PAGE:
Dry needling is popular for relieving Chronic Pain, tension headaches, and other conditions. Here are ten important facts about dry needling that you should know:
What is Dry Needling? Dry needling is a procedure that uses ultra-thin needles to target and alleviate Pain or dysfunction in muscles.
No Injection or Medicine The needles used in dry needling do not deliver an injection or medicine.
Very Thin Needles The needles used for dry needling are extremely thin and flexible, so much so that they can be bent with a finger. They are different from needles used for injections.
Quick Results Dry needling is known for going straight to the source of Pain or dysfunction, creating a difference more quickly than other therapies.
Skilled Therapists Therapists approved to perform dry needling require many hours of training and ongoing skill reviews.
Treated Dry needling can relieve chronic pain, headaches, muscle tension, chronic pain conditions, and Pain in the jaw, neck, low back, and shoulder. It can also provide relief for TMJ.
Unclear Mechanism The exact way dry needling eases muscle tension still needs to be determined. However, there is a theory that it changes how nerves and muscles function and even how our spinal cords perceive Pain.
Combination Treatment Dry needling can be used alone but is often combined with other treatments, such as massage, foam rolling, electrical stimulation, and strengthening and stretching exercises.
Thorough Examination People who request dry needling go through a thorough examination to determine if the therapy is suitable for them.
Offered for a Fee Dry needling is offered for a fee through Sports Medicine, and patients need a referral from a doctor or nurse practitioner.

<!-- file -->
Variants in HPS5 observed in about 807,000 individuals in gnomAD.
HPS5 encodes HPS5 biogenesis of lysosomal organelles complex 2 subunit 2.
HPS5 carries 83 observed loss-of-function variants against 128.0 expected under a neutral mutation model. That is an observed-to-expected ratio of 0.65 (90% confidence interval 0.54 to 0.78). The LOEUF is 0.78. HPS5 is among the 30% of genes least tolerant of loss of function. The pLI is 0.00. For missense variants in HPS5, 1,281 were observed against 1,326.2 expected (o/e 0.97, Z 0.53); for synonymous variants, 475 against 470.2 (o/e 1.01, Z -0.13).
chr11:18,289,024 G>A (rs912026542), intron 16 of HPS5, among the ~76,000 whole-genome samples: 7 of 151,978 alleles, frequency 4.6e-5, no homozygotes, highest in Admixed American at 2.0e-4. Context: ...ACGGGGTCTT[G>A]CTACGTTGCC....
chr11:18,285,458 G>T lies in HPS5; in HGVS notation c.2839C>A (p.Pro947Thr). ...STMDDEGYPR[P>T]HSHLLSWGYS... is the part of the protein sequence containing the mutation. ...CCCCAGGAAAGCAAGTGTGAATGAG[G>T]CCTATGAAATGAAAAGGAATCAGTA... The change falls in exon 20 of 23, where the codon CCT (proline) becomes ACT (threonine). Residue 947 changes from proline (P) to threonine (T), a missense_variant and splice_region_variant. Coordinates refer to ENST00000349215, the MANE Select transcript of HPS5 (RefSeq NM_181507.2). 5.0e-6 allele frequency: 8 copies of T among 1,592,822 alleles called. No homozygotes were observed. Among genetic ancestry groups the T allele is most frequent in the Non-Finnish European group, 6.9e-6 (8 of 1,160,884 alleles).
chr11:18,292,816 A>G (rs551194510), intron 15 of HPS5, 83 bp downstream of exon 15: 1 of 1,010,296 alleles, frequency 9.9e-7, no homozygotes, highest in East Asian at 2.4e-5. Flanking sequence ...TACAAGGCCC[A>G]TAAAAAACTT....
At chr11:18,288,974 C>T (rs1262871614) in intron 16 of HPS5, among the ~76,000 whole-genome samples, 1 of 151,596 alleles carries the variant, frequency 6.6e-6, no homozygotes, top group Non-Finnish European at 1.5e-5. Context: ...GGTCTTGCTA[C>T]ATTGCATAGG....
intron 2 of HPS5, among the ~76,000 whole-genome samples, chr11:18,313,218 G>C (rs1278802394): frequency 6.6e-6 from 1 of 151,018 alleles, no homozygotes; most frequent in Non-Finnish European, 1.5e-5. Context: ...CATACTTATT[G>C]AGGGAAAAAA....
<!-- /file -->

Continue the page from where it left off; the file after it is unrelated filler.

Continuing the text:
Dry Needling Alleviates Pain without Medicine
Dry needling is a valuable practice that can quickly alleviate Pain and dysfunction without medicine or injections. If you are considering dry needling, consult a skilled therapist with the necessary training and experience in this field.
For those experiencing Pain and discomfort, dry needling can provide significant relief. Alex Pierce, a runner with kneecap pain, felt a noticeable difference in her muscle function and decreased pressure on her knees after just a couple of dry needling sessions.
While the exact way that dry needling works still needs to be fully understood, it is clear that the procedure has become increasingly popular in recent years. Physical therapist Matt Briggs is conducting a study on 150 people with Pain around the kneecap, known as runner’s knee, to determine how dry needling is effective.
Ultimately, dry needling is a valuable treatment option for many people dealing with Pain, and a thorough examination with a qualified therapist can help determine if it is the right choice for you. If you are interested in exploring this option, speak with your doctor or nurse practitioner and ask about being referred to a physical therapist who offers dry needling as a treatment option.
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